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In the January 23 issue of the Business Observer, we ran a feature that had been in the works since about October. It was a beast. Our deputy managing editor (now managing editor), Mark Gordon, investigated how effective government incentives actually are in all eight of our coverage area’s counties. Such a unique package deserved an equally unique design treatment. The biggest challenge with this story was its sheer mass. I used more white space and our sharp, crisp condensed type to lighten it up. Another challenge was a massive chart jam packed with information that was all relevant and essential to the story. I ran this across the bottom of the first two pages of the story. Combining rows where I could actually ended up making the chart easier to understand.

Read the whole thing at BusinessObserverFL.com here.

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Design Favorites – 1/8

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The Business Observer published one of my favorite annual special issues this week – Executive Diversions. We take a look at what Gulf Coast execs do when they’re not in the office. We get a lot of runners and bikers, but this issue our cover feature was a man who goes cave diving in his spare time.

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Read more about our cave diver here.

In our Black Tie section, we ran a column on a local wedding show. It had lots of different elements, so putting it together in a cohesive, easy-to-follow way was a challenge. An important element that I think brought this page together was the creation of a dominant element.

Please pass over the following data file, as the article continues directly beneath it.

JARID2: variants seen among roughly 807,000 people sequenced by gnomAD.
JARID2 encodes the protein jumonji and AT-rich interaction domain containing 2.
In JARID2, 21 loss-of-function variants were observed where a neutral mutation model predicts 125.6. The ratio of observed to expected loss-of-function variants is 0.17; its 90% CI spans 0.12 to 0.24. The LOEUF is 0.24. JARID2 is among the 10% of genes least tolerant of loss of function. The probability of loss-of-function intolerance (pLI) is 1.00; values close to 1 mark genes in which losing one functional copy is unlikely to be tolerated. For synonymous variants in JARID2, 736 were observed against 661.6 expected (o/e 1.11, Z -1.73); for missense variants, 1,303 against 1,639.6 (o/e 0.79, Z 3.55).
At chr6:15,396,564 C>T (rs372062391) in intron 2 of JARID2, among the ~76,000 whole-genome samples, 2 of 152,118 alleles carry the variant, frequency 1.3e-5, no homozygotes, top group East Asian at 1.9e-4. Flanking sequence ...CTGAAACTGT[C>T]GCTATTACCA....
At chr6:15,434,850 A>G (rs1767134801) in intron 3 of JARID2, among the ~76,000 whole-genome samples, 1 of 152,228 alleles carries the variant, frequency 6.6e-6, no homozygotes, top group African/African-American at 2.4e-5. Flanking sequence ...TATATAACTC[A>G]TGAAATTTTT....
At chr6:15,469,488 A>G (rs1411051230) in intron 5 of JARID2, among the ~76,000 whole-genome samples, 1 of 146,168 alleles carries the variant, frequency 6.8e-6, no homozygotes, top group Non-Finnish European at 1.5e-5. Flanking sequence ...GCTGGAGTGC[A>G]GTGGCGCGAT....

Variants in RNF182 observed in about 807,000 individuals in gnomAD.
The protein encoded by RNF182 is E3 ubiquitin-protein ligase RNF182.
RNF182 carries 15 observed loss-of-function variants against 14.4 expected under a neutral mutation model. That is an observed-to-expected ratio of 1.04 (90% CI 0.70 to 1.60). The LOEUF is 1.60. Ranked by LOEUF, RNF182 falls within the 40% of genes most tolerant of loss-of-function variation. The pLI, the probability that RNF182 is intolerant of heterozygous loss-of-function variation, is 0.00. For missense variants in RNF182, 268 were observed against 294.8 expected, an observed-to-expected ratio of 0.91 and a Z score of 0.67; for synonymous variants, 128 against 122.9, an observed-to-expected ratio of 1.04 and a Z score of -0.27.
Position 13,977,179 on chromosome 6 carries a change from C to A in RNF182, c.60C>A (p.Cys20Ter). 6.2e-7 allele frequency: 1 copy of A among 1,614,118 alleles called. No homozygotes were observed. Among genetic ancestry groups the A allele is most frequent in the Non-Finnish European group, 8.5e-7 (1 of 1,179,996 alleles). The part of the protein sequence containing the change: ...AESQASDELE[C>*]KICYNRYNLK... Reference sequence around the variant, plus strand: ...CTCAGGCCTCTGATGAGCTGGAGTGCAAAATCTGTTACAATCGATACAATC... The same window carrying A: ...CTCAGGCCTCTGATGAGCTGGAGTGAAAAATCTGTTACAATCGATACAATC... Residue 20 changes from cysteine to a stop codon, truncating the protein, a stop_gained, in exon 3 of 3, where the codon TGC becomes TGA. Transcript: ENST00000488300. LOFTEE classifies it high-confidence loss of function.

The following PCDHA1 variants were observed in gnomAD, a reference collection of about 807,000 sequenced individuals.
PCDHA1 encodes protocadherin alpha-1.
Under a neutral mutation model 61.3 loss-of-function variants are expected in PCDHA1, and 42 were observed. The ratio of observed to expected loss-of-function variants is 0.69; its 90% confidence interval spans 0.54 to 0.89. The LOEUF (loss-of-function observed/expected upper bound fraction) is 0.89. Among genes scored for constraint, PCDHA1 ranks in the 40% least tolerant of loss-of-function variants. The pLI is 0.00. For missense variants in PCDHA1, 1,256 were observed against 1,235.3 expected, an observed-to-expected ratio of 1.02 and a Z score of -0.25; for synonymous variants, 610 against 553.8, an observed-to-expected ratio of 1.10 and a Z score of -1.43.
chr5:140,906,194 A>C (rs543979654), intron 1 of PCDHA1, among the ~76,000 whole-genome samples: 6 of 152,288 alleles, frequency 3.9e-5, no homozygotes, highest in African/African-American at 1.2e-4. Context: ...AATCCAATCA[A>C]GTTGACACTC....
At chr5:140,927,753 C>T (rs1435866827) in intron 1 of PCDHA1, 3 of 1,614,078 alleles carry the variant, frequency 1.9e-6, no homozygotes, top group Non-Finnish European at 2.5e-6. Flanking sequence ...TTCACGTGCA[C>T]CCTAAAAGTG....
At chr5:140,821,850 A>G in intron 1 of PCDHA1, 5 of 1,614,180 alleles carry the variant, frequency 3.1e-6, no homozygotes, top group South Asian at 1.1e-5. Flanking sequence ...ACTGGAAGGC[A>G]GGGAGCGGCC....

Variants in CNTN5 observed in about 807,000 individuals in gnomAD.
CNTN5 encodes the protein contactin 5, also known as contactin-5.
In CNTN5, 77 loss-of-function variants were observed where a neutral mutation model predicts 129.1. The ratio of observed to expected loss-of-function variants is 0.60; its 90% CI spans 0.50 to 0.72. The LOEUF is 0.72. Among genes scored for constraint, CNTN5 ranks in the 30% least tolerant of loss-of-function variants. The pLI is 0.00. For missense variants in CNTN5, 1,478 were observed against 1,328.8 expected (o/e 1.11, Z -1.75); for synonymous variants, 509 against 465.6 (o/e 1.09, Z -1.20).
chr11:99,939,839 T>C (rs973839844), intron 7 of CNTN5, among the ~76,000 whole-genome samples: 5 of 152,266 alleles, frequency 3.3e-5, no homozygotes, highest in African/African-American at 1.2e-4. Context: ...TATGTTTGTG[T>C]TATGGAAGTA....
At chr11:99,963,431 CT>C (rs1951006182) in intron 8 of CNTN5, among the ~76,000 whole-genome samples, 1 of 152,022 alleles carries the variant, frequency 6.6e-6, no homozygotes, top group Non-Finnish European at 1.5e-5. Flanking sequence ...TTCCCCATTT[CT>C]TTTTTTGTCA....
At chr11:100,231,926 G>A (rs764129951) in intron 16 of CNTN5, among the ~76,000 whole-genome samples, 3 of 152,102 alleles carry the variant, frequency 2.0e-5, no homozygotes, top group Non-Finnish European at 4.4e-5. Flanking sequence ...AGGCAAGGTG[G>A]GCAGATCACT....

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Read the full article here.

My last favorite from this week was a story featuring 3D maps. I’ve been toying around with this in Illustrator. This is one of my first. They’ve been improving. In this case, we were showing the different types of establishments that exist on Main Street. I think this method works as a dynamic, interesting way to highlight specific buildings.

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Read the story here.

Design favorites – 12/25

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This week, we featured the recently-released results of the American Community Survey from the U.S. Census Bureau in the Longboat Observer. The survey revealed demographic details of the Longboat Key community. This design was a collaborative effort between me and my fellow designer, Nancy Schwartz. She created the design and I contributed the graphics. We incorporated a variety of elements to keep the page flowing and visually interesting. This is definitely my favorite page of the week!

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Read the story online here.

Design favorites – 12/18